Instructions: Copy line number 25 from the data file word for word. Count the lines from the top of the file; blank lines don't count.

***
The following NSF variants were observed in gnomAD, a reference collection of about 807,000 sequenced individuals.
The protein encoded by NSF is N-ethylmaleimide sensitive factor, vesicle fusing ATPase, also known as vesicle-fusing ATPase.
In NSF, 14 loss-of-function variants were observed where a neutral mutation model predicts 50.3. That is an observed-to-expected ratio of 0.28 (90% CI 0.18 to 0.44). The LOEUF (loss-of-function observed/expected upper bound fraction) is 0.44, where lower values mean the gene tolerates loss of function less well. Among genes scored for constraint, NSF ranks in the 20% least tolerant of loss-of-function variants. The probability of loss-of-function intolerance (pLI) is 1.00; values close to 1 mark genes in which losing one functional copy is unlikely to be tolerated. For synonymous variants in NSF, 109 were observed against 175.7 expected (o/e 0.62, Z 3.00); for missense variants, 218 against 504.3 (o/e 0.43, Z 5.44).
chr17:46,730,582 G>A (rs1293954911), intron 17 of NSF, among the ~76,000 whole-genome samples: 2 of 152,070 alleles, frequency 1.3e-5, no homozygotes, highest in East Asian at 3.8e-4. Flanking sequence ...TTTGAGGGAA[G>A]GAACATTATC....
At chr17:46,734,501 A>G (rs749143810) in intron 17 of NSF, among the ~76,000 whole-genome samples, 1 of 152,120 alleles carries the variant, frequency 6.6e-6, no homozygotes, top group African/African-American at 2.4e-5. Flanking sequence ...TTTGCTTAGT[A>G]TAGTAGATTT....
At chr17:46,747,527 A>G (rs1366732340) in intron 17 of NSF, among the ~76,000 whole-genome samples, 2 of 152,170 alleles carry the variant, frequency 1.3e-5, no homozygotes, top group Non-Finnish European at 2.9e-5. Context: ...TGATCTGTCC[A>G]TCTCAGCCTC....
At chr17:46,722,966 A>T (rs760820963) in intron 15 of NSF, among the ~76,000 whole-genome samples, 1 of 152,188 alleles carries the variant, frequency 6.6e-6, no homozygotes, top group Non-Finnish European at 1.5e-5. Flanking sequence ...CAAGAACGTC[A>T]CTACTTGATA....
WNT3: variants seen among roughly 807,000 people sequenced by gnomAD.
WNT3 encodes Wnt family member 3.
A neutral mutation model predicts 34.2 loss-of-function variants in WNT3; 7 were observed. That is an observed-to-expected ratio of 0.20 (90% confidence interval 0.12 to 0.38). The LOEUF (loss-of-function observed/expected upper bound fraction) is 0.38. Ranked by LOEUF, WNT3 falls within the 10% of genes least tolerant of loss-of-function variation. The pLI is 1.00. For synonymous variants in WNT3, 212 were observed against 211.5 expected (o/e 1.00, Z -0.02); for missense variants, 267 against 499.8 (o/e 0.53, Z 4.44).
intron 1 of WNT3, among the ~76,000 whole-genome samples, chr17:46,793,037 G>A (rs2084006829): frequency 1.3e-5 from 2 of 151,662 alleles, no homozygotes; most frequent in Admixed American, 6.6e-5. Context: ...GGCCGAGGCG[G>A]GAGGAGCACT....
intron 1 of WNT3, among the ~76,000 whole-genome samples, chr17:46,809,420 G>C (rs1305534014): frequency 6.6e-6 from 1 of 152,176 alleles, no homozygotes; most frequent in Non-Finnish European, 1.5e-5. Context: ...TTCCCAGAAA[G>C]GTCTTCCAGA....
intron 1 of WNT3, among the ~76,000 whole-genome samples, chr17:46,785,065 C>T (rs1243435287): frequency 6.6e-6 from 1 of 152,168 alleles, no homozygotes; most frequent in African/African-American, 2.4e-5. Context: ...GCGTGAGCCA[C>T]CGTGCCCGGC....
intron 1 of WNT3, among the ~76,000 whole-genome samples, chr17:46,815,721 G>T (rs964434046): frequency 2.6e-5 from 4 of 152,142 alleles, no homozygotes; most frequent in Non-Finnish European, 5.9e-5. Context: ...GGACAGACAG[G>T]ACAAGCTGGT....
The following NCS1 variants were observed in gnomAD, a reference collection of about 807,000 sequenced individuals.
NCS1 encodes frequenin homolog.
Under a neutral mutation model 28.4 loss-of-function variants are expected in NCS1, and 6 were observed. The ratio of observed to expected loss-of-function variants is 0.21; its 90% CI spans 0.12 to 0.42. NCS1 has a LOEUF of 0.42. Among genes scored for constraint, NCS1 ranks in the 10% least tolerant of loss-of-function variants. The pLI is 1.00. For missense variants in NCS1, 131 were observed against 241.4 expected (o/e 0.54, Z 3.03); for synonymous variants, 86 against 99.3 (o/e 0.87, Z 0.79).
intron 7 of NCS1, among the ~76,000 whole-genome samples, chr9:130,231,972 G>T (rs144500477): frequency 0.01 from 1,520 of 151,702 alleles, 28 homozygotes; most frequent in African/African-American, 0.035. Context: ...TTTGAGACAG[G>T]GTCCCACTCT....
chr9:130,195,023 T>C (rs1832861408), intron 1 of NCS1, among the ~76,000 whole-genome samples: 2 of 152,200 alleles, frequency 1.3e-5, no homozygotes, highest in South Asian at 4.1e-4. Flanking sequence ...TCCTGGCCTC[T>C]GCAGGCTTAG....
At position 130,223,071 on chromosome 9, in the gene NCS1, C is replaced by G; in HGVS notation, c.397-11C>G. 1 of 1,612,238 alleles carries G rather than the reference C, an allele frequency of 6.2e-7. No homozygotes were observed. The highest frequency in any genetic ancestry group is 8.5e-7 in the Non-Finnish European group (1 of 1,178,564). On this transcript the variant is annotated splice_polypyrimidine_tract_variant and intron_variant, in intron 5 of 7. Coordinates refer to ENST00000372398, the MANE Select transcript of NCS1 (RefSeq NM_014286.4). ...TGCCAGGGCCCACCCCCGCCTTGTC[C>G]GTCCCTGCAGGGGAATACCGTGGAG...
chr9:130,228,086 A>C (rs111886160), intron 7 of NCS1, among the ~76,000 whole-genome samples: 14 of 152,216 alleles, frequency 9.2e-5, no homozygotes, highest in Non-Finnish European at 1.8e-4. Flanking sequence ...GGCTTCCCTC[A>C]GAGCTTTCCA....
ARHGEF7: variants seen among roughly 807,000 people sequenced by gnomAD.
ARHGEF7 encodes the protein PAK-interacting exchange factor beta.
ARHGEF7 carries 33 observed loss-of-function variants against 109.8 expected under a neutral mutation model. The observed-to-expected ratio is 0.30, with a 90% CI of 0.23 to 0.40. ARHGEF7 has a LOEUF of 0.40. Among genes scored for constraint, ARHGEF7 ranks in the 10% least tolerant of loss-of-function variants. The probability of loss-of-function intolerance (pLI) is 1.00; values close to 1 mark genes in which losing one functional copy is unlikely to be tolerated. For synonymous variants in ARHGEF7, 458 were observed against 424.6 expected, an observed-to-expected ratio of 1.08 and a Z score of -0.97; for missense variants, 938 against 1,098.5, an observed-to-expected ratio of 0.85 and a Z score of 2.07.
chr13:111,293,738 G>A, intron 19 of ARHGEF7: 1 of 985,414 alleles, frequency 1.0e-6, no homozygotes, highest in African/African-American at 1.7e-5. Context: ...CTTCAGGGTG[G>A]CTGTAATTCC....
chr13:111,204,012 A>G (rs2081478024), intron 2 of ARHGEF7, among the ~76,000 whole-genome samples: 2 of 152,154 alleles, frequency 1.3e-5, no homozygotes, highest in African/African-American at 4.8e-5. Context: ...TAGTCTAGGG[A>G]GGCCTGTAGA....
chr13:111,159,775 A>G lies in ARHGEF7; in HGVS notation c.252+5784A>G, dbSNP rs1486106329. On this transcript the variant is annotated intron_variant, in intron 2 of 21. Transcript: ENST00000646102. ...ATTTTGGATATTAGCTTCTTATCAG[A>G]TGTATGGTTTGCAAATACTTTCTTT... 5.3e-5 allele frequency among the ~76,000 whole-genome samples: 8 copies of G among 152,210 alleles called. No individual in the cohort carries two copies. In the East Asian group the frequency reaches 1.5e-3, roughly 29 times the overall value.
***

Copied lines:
chr13:111,293,738 G>A, intron 19 of ARHGEF7: 1 of 985,414 alleles, frequency 1.0e-6, no homozygotes, highest in African/African-American at 1.7e-5. Context: ...CTTCAGGGTG[G>A]CTGTAATTCC....